The European Banking Authority (EBA) recently published its Opinion on the scale and impact of de-risking in the EU and the steps competent authorities should take to tackle unwarranted de-risking. Providing access to at least basic financial products and services is a prerequisite for the participation in modern economic and social life and de-risking, when unwarranted, can cause the financial exclusion of legitimate customers. It can also affect competition and financial stability. De-risking refers to decisions taken by financial institutions not to provide services to customers in certain risk categories. De-risking can be a legitimate risk management tool but it can also be a sign of ineffective money laundering (ML) and terrorist financing (TF) risk management, with at times severe consequences.
To assess the scale and impact of de-risking across the EU and to better understand why institutions decide to de-risk particular categories of customers instead of managing the risks associated with such relationships, the EBA reached out to all relevant competent authorities across the EU, as well as to external stakeholders. The EBA’s findings suggest that de-risking has a detrimental impact on the achievement of EU’s objectives, in particular in relation to fighting financial crime effectively and promoting financial inclusion, competition and stability in the single market.
The EBA considers that its regulatory guidance on how to manage ML/TF risks, if applied correctly, should help avert unwarranted de-risking. To further complement this guidance, the EBA identified a number of steps competent authorities and the European Commission and co-legislators could take. In particular, the EBA encourages competent authorities to engage more actively with institutions that de-risk and with users of financial services that are particularly affected by de-risking, to raise mutual awareness of their respective rights and responsibilities.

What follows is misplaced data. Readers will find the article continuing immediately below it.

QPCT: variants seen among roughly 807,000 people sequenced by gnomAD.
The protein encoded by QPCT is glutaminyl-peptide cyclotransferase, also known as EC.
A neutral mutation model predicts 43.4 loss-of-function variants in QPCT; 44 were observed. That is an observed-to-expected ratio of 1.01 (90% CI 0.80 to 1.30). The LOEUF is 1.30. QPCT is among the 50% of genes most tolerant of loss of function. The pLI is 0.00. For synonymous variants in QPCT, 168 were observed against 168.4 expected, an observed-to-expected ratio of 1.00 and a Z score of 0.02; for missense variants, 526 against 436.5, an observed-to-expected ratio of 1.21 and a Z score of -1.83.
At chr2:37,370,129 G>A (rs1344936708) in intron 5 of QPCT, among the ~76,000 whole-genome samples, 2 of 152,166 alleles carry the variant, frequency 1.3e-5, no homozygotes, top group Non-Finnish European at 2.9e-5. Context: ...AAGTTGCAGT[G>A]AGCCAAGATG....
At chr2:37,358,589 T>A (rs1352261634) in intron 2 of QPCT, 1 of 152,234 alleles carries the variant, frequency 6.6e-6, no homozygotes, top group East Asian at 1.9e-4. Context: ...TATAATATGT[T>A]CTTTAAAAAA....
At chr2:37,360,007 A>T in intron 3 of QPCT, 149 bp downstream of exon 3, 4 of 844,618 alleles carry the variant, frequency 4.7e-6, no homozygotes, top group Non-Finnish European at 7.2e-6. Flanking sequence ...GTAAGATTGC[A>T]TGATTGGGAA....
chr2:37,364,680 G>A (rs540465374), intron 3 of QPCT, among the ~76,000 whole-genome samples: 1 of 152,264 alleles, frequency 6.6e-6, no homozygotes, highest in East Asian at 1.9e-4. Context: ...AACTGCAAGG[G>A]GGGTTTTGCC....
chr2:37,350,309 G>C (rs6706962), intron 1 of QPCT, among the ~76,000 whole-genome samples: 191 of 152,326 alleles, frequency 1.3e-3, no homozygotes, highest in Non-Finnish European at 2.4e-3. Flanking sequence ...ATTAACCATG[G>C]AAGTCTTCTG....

The EBA also advises the European Commission to clarify, in the Payment Account Directive (PAD), the interaction between AML/CFT requirements and the right to open and use a payment account with basic features, and to take advantage of the forthcoming review of the Payment Services Directive (PSD2) to ensure more convergence in the way payment institutions access credit institutions’ payment accounts services. The EBA is committed to following-up with competent authorities on the actions they have taken to tackle unwarranted de-risking going forward.
Legal basis and background
The EBA’s competence to deliver an Opinion is based on Article 16a(1) and Article 29(1)(a) of Regulation (EU) No 1093/2010, as part of its objective to play an active role in building a common Union supervisory culture and consistent supervisory practices, as well as in ensuring uniform procedures and consistent approaches throughout the Union in relation to financial and credit institutions’ approach to AML/CF risks, in particular to de-risking, under Directive (EU) 2015/849. This Opinion complements the EBA ML/TF risk factors guidelines and the guidelines on risk-based supervision, both of which were revised and published in 2021.